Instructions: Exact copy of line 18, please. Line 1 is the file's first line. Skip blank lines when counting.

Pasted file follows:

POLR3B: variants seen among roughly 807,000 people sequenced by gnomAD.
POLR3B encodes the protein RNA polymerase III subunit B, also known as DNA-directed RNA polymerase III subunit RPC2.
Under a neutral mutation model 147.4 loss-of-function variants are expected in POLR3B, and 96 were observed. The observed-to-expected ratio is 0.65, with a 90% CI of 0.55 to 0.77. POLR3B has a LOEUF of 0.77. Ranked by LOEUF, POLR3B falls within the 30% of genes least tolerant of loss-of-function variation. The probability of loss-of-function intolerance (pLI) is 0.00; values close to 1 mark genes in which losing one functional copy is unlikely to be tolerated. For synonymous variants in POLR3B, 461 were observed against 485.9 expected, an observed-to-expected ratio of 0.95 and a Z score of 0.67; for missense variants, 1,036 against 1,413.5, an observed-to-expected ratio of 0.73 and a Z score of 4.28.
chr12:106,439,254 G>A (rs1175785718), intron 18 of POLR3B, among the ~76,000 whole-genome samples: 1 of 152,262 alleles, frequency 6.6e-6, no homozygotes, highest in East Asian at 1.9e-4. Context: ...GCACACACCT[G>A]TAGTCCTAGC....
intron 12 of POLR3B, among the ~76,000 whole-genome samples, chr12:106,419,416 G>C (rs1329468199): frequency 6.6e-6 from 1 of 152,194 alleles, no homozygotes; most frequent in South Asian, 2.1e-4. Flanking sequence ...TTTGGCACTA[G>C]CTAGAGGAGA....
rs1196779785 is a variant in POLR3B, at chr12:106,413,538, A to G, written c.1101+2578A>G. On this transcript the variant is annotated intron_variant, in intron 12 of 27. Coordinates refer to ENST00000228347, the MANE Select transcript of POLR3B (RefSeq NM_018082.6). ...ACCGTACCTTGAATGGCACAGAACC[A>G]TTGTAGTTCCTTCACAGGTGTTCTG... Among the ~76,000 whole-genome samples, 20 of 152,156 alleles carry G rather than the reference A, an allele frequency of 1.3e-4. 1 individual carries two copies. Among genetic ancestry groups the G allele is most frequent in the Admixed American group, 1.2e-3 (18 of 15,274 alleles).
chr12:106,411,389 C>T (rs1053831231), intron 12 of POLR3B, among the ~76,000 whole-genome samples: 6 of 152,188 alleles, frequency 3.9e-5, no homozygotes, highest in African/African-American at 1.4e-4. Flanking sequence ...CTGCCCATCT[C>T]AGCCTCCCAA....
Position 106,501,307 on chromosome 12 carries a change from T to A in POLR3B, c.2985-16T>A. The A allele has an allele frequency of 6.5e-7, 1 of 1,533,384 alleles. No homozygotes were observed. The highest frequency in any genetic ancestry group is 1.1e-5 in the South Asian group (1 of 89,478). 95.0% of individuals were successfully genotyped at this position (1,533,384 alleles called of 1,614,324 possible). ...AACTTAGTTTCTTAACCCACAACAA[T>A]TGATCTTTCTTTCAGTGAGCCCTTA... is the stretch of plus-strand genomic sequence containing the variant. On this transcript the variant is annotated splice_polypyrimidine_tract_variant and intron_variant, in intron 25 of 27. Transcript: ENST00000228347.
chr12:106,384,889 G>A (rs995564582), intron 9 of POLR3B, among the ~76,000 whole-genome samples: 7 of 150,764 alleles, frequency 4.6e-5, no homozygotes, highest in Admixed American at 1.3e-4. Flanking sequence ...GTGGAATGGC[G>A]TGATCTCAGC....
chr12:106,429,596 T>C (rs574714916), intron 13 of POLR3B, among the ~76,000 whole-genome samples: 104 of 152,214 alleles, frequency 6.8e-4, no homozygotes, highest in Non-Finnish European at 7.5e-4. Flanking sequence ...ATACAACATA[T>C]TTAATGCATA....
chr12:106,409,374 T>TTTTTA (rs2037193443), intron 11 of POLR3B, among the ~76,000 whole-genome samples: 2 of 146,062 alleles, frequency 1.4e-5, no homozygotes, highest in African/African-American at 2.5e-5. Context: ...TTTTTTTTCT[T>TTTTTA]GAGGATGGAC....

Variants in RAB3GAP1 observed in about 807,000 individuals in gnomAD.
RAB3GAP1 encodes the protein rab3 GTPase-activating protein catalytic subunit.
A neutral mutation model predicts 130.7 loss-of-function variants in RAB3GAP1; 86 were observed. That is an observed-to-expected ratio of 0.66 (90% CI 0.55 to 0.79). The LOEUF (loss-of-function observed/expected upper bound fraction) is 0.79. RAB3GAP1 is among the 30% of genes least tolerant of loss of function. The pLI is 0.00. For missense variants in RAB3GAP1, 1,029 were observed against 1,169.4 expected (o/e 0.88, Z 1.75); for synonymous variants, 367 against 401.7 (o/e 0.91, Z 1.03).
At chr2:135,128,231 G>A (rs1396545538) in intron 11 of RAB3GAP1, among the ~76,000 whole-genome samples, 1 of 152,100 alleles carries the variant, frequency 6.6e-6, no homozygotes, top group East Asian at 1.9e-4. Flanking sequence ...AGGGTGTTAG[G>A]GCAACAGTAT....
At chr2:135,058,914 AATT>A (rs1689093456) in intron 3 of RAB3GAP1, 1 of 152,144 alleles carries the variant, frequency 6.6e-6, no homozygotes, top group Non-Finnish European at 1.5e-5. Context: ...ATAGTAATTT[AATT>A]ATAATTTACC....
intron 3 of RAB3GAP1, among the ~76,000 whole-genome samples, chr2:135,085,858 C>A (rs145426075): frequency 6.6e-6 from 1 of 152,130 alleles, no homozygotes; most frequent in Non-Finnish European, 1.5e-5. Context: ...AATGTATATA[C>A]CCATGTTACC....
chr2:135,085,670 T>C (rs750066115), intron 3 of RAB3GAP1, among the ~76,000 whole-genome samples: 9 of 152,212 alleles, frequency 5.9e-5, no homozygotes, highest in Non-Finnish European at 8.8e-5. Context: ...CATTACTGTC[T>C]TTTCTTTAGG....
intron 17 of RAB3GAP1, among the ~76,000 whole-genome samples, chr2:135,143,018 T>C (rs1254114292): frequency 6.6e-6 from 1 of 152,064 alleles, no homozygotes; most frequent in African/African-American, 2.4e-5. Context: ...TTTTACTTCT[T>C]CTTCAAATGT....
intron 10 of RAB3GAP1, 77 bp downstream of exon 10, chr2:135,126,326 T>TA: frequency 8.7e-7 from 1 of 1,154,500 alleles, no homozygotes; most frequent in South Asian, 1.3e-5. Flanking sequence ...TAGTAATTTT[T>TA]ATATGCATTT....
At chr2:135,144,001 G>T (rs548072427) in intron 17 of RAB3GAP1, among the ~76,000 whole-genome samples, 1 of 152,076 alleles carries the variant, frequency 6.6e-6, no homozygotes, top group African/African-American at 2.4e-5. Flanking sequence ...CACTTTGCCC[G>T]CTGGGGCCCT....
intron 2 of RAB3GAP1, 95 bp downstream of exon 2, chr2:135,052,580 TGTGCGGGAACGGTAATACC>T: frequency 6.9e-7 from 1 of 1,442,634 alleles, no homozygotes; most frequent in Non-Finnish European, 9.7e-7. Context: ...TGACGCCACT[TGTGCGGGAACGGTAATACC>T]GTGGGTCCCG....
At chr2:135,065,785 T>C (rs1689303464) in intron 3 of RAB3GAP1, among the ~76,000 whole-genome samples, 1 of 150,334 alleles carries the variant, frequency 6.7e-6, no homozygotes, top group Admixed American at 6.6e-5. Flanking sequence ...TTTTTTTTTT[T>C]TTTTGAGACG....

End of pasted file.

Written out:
chr2:135,085,670 T>C (rs750066115), intron 3 of RAB3GAP1, among the ~76,000 whole-genome samples: 9 of 152,212 alleles, frequency 5.9e-5, no homozygotes, highest in Non-Finnish European at 8.8e-5. Context: ...CATTACTGTC[T>C]TTTCTTTAGG....